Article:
This has further resonance and relevance because a lot of reviewers mock the lyrics of that period, but that’s like blaming the desert for having sand. It was 1967-1972. Words had reason and sincerity more or less, not unquestioning currency. (Just compare the writing then and now for proof; is it why there are no longer any truly great, i.e. time transcending, writers?) Now musicians aren’t surprised they can make an album without meeting anybody else, simply (literally) by sending digital codes, or people paying to see clones (“tributes”): even the idea would have been unthinkable in 1970. It was not just a time of incredible musical innovation in many genres unseen in previous decades but of fellowship. They ‘worked off each other’. Now everybody thinks (?) technology is communication, quantity not quality (e.g. downloads), hence the decay of linguistic meaning. The music, however, still speaks to us today, and hopefully not as mere nostalgia or ‘weirdness’ seen in current terminology but as elements of connected evolution.

Dust On The Nettles’ 34-page booklet is helpfully more ordered than usual, based on each CD’s running order. There is a healthy smattering from one of the first independent labels, Dandelion: Beau, Bridget St. John (both still active), Principal Edwards, Country Son, The Occasional Word (their two albums of humour and music were landmarks and pass the test of time; ‘The Evil Venus Tree’ imbues a nursery lullaby with menace via duelling acoustic guitars and echo voice), and Kevin Coyne (why ‘Sand All Yellow’ again, from their previous great box Love, Poetry And Revolution?). Even Peel’s chum Bolan is here for Tyrannosaurus Rex’s ‘Highways (Misty Mist)’. Oh, and rare singles on Pye, B&C, Pegasus, Trafalgar, the studio famous for the Thunderbirds theme along with unreleased acetates like an early one by ISB.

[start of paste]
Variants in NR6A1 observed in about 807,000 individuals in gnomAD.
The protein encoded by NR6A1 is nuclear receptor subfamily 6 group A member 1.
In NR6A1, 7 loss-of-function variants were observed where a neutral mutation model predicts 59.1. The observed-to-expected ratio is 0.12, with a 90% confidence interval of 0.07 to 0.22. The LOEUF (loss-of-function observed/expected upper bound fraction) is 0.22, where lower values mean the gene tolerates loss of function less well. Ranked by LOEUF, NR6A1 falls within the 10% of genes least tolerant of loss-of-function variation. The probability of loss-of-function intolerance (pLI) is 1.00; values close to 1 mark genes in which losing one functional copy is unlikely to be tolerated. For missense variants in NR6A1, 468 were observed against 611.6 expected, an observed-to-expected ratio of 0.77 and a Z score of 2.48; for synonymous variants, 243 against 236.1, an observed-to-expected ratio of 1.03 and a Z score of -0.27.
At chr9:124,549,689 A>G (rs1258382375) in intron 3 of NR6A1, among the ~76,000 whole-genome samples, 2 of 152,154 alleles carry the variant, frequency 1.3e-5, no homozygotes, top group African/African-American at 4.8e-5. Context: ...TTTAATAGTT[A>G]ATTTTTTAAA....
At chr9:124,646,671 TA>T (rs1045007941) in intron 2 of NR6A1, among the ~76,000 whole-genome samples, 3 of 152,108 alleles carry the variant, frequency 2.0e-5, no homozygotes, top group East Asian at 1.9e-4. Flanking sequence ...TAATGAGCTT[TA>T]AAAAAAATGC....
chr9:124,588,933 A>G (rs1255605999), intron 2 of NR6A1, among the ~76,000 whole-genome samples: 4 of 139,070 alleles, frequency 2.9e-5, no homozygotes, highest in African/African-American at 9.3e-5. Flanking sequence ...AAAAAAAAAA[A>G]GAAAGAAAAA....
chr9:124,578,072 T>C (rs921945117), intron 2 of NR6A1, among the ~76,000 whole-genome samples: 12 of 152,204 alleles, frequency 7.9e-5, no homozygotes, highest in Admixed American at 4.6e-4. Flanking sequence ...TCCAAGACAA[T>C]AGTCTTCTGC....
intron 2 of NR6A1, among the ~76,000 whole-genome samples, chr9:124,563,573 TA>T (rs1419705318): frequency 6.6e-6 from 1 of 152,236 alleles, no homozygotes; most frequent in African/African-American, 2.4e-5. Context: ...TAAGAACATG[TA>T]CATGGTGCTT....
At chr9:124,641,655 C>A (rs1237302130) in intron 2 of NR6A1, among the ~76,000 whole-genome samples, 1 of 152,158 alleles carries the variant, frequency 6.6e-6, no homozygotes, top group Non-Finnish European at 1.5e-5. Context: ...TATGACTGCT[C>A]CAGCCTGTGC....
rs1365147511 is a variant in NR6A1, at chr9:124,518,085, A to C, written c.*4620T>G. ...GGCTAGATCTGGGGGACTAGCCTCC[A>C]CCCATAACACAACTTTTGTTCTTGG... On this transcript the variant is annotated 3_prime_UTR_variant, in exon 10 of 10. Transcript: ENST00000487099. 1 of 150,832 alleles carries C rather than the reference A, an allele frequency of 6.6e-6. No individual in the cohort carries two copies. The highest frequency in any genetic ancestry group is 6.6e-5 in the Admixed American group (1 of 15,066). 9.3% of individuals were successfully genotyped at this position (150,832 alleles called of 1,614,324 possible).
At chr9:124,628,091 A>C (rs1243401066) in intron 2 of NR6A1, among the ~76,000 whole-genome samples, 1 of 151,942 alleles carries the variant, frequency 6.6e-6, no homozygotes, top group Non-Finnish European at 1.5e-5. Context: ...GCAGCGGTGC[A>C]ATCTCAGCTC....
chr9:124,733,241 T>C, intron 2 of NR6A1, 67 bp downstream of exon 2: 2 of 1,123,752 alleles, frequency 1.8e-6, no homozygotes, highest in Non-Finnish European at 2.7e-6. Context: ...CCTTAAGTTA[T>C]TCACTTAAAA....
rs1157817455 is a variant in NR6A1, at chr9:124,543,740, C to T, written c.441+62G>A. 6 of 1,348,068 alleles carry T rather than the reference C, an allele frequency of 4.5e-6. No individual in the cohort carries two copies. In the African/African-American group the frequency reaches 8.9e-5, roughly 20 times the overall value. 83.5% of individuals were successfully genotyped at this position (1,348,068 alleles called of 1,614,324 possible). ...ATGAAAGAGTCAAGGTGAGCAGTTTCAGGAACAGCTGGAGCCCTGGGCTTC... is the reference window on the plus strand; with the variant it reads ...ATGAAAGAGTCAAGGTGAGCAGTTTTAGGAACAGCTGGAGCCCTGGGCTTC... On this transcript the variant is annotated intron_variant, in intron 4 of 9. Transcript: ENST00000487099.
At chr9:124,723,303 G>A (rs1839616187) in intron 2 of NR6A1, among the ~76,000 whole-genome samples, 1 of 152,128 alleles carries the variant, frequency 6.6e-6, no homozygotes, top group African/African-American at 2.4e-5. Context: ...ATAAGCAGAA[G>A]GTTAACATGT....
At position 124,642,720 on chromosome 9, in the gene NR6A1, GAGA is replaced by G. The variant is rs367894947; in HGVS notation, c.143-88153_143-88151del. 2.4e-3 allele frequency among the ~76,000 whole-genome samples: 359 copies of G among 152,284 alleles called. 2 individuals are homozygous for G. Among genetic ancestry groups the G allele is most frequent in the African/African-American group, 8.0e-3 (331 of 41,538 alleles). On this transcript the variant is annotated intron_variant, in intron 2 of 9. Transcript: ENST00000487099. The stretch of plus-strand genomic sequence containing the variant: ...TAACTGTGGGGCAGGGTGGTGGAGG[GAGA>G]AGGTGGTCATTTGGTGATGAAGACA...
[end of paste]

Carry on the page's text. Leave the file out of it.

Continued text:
The first CD launches with The Pentangle’s enduring advice ‘Let No Man Steal Your Thyme’, a merging of the instrument variety of ISB and traditional vocal of Span with Jansch/Renbourn guitars, from their debut Transatlantic LP which only just eluded the Top 20. Appropriately taking the name from an Arthurian legend, their many line-ups formed the bed-strata of great folk-rock ensembles and solo careers. In tune with the time, their singer Jacqui McShee ran a folk club at the Red Lion in Sutton, where the Rolling Stones first met together. From the famous to the legendary are the female-fronted acid-folk bands Spirogyra (from their acoustic debut with Dave Mattacks guesting on drums), Trees (their much covered title-track with harpsichord and double female poetic lyrics), Wight of that isle, and always-uplifting Dando Shaft (a short track from their second album) who don’t deserve to be sent to Coventry from where they formed; they have a very original sound with no fillers. In the same fold now, Oberon, due to their self-released 99-copy album from Radley College’s music room where the masters forgot to lock the percussion cupboard in time here. Also a gem for archivists from the unreleased second album by Paper Bubble, who after their Deram debut backed the kindred-sounding Strawbs in the studio as well as touring together.